By Rebecca Juro
Originally published on Advocate.com July 08 2014 5:00 AM ET
It was the very beginning of spring in 1997, the time of the year in New Jersey when the temperature is just beginning to warm up. Heavy winter coats are put away until fall and the sweatshirts and light jackets come out.
I was still presenting as male, and I hated myself for it. By then, I knew who I was and how I wanted to live my life, but I still hadn’t mustered the courage to make it happen. I’d been online and I’d discovered that there were people, an entire community in fact, who had been designated male at birth and had successfully transitioned to live as women.
The process of discovery was enlightening and even exciting, but after a while the darker side of my transgender self-education began to assert itself. The more I learned and reveled in the courage of these women, the more ashamed of my own cowardice I became.
I wanted to be like them. I desperately wanted to escape the closet I’d locked myself into for the first 35 years of my life and present myself to the world as the woman I knew myself to be, but I just didn’t know how. The fear, indeed the outright terror, of revealing the single greatest secret of my life — the one truth about myself I’d only ever told a therapist I hadn’t seen in several years by then — was very real to me.
I’d heard the stories of rejection by friends, families, wives and partners, and professional colleagues. While to this day I’ve never seen any credible evidence backing it up, a popular statistic being thrown around at the time online was that 50 percent of transsexuals didn’t survive long enough to transition. I had no trouble believing this to be true, because I’d reached the point where I knew with certainty that I could no longer bear to keep living as a man.
This wasn’t unfamiliar territory for me. As a teenager and young adult I’d been a punk rocker. The music spoke to me, but my interest in it was also a misguided and completely ineffective attempt to cure myself by fully indulging in every aggressive and stereotypically male behavior that made sense to me at the time. Drugs, alcohol, violence, even shameful indulgence in the overt racism, misogyny, and gay bashing that were so much a part of the punk movement of the ’70s and ’80s became my way of trying to re-create myself as a man. In reality, the harder I tried to convince others of my manhood, the less I believed in it myself and the deeper into depression I fell.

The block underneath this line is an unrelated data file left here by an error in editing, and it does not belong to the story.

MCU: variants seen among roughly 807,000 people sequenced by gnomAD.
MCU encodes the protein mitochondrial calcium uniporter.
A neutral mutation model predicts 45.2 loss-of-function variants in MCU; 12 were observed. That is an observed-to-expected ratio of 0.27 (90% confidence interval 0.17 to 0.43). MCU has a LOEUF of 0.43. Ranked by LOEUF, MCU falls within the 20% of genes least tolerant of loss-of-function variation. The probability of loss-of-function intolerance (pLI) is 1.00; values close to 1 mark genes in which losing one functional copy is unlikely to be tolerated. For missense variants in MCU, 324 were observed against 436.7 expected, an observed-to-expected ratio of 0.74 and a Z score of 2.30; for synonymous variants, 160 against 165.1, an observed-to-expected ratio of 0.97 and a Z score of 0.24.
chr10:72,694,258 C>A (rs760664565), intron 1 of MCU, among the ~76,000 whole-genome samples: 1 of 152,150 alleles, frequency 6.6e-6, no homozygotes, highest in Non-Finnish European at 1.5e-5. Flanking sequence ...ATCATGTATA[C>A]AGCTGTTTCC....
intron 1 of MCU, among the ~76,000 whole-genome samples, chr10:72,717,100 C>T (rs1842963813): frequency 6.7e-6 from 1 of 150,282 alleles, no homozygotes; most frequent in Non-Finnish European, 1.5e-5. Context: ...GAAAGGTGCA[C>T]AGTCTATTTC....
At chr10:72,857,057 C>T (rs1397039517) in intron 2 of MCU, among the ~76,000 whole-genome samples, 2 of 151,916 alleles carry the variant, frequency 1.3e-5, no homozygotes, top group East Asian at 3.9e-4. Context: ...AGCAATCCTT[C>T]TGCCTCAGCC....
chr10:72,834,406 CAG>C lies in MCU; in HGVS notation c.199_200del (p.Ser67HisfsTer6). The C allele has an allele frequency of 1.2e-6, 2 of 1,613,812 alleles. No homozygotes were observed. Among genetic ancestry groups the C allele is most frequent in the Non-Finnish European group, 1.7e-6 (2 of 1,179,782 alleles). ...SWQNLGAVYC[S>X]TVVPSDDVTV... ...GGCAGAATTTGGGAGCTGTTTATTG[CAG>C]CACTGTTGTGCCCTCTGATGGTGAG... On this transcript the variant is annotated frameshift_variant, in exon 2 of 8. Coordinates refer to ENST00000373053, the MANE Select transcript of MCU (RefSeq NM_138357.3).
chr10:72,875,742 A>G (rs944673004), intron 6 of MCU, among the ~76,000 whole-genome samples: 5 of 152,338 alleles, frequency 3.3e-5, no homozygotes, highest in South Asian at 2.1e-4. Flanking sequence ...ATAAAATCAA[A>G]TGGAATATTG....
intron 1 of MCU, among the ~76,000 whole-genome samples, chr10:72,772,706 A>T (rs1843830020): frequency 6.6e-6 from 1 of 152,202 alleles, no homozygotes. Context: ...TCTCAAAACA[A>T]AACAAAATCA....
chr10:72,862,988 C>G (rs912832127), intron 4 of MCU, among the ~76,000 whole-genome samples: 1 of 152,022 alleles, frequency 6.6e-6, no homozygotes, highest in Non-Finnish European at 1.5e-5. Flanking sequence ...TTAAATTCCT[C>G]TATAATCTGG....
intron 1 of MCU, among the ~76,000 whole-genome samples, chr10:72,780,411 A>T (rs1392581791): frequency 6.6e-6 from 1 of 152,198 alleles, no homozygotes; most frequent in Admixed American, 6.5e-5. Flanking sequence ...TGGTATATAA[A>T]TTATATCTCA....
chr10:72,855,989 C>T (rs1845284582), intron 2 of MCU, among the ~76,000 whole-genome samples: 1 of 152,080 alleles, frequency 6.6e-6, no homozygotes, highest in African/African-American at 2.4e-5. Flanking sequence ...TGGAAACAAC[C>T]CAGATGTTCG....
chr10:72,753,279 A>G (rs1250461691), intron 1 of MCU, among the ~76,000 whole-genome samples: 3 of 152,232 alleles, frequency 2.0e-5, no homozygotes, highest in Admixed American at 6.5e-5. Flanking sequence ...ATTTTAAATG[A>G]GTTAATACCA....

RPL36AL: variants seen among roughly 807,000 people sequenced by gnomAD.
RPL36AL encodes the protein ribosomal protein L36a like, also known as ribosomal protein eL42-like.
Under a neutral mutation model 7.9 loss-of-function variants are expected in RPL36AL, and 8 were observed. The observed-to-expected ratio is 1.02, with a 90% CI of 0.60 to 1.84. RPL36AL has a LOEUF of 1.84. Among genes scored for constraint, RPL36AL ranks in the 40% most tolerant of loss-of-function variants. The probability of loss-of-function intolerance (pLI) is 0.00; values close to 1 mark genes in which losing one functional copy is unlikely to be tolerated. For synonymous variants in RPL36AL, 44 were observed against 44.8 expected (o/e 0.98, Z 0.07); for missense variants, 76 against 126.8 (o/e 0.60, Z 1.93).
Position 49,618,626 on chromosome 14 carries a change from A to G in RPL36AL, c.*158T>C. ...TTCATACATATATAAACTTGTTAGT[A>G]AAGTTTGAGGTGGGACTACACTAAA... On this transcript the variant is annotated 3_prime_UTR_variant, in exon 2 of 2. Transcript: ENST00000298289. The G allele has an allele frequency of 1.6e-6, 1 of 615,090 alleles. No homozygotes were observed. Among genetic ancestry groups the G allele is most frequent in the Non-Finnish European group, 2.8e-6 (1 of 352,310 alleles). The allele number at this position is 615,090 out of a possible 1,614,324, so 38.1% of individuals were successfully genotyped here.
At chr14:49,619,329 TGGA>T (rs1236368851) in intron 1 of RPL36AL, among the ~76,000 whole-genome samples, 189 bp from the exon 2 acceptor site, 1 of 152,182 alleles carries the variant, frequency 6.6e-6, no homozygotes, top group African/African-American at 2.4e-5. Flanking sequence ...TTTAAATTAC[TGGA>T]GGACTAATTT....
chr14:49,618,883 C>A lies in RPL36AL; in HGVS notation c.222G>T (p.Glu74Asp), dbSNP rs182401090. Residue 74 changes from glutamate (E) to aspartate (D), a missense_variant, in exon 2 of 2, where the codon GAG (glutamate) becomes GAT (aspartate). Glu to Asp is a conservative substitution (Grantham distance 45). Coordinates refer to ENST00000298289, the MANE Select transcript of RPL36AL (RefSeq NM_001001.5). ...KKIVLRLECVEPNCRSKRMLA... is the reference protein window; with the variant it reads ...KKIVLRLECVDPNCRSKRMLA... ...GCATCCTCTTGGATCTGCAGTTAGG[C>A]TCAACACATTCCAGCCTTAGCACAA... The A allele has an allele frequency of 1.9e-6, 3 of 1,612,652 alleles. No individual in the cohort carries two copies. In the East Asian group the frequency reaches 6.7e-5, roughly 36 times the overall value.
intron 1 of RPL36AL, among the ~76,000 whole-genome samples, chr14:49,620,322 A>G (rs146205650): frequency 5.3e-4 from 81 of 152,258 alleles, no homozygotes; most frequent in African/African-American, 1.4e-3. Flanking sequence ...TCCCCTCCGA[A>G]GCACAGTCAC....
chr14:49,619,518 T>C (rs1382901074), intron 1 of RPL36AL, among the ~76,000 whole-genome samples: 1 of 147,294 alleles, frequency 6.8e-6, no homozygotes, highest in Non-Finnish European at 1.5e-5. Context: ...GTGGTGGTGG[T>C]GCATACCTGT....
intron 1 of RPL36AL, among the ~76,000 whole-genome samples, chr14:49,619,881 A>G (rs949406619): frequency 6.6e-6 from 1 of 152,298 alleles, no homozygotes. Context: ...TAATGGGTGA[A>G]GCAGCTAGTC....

At least three times I’d come within moments of intentionally overdosing on something before deciding, for reasons I’m still not certain of today, to take about half the dose I’d intended and just make the pain go away for several hours instead of sending myself to an early grave.
By 1997, I’d been off hard drugs for several years but the depression remained. My greatest fear was that if I came out and began living my truth, I would lose everything I held dear in my life. I was convinced that my family and friends, my coworkers and bosses, everything and everyone I cared about would disappear and I’d be left all alone. I’d completely internalized what the culture had been telling me about myself for years. I saw myself as a freak, someone who could never live a normal, happy life, someone who would be shunned, hated, and mocked by the rest of the world because of who and what I was. I didn't want to live as a man anymore, but I was even more terrified of the alternative.
I was done. I couldn’t do it anymore. I hated my life and I hated myself for continuing to live it. I saw myself as a worthless coward who didn’t deserve to live. The only viable option I could see was to put an end to the pain of the deep depression that by now consumed my every waking moment. I came to the conclusion that the world would be better off if I were just a memory.
Days went by as I went through the motions of my life. No one knew. I wouldn’t allow it. I’d spent my entire life keeping my secrets and was quite adept at presenting a false positive face to the world regardless of what was going on with me internally.
And then, one day, I decided it was time.